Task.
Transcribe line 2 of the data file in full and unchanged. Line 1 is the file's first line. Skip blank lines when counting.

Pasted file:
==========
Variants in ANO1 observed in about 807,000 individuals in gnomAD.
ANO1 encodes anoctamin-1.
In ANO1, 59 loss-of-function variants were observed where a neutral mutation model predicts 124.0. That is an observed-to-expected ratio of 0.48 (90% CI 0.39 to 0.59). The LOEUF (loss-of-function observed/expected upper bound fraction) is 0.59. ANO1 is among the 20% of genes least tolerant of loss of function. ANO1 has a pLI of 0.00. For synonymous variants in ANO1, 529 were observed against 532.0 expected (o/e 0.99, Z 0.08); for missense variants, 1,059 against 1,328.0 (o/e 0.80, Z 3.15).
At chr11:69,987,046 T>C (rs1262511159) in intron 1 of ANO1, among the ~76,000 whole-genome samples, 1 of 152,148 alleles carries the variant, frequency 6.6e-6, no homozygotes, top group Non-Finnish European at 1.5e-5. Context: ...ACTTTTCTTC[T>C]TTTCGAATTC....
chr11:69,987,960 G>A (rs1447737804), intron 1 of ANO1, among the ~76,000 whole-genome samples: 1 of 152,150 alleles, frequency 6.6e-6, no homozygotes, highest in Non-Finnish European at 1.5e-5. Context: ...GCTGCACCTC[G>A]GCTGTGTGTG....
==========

ANO1 encodes anoctamin-1.